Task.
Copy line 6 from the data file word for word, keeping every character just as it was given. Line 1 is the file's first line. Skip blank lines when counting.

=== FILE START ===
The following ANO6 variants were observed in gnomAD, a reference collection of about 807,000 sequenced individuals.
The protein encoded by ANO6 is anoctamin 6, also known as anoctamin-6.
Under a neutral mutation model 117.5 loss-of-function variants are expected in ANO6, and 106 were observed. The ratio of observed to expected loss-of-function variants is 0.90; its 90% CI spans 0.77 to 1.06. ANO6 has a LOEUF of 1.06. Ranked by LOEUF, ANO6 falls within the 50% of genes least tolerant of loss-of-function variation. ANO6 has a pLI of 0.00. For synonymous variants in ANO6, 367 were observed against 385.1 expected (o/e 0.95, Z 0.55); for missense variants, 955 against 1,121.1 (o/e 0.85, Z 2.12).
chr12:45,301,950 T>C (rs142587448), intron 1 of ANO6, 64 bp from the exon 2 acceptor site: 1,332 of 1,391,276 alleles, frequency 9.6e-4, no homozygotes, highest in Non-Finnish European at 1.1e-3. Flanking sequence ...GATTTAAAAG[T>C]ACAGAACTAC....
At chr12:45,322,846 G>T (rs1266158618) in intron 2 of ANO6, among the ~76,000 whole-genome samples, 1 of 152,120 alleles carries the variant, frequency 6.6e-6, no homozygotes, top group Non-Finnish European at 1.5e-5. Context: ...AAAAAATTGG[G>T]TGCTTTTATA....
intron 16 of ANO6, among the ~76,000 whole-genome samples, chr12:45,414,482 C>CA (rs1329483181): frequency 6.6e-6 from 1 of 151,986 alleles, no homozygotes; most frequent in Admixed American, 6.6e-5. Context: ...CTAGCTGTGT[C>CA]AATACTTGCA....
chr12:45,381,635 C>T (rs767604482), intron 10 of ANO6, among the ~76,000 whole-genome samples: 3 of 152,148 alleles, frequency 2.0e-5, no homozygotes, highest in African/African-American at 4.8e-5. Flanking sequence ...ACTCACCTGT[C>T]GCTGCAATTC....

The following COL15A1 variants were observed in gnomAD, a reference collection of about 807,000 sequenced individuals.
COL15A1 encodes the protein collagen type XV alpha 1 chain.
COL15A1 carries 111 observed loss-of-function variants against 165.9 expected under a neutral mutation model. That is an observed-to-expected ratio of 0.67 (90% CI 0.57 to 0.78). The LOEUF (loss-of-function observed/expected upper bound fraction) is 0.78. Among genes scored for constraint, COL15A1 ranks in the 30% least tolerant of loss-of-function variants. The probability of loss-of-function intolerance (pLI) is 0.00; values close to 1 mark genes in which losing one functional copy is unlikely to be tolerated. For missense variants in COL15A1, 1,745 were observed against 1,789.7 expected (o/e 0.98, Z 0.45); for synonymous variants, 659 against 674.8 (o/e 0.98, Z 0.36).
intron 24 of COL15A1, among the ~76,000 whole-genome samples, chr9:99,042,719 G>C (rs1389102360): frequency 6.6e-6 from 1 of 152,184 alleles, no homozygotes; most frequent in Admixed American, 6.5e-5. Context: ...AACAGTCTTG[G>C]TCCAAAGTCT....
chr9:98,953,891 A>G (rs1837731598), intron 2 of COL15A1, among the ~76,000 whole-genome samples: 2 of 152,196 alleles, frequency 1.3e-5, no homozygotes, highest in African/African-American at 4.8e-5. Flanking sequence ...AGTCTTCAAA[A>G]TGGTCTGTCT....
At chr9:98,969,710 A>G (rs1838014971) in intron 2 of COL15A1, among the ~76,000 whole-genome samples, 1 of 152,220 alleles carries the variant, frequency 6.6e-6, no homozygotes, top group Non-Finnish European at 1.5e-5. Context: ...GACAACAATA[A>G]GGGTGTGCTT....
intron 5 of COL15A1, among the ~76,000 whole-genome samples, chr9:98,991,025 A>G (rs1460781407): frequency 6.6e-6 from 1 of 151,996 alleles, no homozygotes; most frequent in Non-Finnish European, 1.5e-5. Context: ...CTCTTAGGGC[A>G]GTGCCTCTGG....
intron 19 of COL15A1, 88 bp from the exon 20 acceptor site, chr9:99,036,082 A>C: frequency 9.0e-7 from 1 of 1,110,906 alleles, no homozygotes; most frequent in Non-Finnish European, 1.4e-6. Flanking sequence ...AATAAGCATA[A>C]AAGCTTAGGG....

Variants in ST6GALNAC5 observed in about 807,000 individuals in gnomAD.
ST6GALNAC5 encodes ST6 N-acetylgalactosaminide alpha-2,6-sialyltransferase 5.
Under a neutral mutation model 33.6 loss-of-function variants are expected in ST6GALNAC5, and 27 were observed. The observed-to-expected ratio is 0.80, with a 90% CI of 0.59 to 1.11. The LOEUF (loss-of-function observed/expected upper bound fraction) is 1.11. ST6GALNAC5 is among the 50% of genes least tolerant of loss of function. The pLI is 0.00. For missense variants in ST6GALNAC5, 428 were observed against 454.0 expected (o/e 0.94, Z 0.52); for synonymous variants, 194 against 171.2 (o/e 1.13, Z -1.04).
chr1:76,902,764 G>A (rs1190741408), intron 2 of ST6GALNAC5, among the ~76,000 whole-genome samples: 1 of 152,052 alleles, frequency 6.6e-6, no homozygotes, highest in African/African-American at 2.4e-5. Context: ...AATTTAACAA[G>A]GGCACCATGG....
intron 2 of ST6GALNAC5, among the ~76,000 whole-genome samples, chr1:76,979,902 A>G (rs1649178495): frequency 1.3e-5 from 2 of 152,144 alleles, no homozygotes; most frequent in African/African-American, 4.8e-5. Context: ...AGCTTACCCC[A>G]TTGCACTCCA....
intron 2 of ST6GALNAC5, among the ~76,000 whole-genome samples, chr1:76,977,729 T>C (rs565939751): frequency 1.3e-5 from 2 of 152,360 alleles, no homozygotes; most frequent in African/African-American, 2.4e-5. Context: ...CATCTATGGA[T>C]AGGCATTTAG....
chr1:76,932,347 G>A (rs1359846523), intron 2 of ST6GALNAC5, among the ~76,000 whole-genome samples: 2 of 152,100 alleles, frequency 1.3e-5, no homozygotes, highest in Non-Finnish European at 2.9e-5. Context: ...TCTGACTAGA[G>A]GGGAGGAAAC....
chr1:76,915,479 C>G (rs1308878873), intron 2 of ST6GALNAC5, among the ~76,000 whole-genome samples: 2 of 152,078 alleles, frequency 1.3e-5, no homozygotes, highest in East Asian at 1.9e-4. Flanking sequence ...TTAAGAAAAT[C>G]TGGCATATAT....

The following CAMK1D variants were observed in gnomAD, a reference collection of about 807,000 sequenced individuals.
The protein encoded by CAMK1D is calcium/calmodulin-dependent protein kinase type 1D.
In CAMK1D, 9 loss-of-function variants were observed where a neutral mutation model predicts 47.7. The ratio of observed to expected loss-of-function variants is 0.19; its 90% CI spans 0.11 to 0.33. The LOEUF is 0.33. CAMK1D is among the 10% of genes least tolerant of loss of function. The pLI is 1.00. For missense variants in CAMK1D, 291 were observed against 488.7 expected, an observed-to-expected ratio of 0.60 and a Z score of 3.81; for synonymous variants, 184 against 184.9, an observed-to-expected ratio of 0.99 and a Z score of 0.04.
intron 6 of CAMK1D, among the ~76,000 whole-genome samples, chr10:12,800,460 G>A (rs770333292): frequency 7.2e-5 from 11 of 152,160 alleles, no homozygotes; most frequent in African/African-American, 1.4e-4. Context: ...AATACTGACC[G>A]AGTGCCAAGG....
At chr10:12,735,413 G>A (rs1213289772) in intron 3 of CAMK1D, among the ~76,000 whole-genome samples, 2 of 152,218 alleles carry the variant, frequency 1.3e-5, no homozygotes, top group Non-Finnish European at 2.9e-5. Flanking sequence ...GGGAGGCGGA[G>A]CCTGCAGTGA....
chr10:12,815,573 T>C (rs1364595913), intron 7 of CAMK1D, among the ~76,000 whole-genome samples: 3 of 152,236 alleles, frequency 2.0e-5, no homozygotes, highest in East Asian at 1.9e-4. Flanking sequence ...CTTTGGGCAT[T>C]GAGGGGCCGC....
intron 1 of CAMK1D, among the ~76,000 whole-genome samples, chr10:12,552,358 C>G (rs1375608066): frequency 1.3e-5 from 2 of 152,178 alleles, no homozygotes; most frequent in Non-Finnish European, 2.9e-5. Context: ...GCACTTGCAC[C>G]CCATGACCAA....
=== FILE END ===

intron 16 of ANO6, among the ~76,000 whole-genome samples, chr12:45,414,482 C>CA (rs1329483181): frequency 6.6e-6 from 1 of 151,986 alleles, no homozygotes; most frequent in Admixed American, 6.6e-5. Context: ...CTAGCTGTGT[C>CA]AATACTTGCA....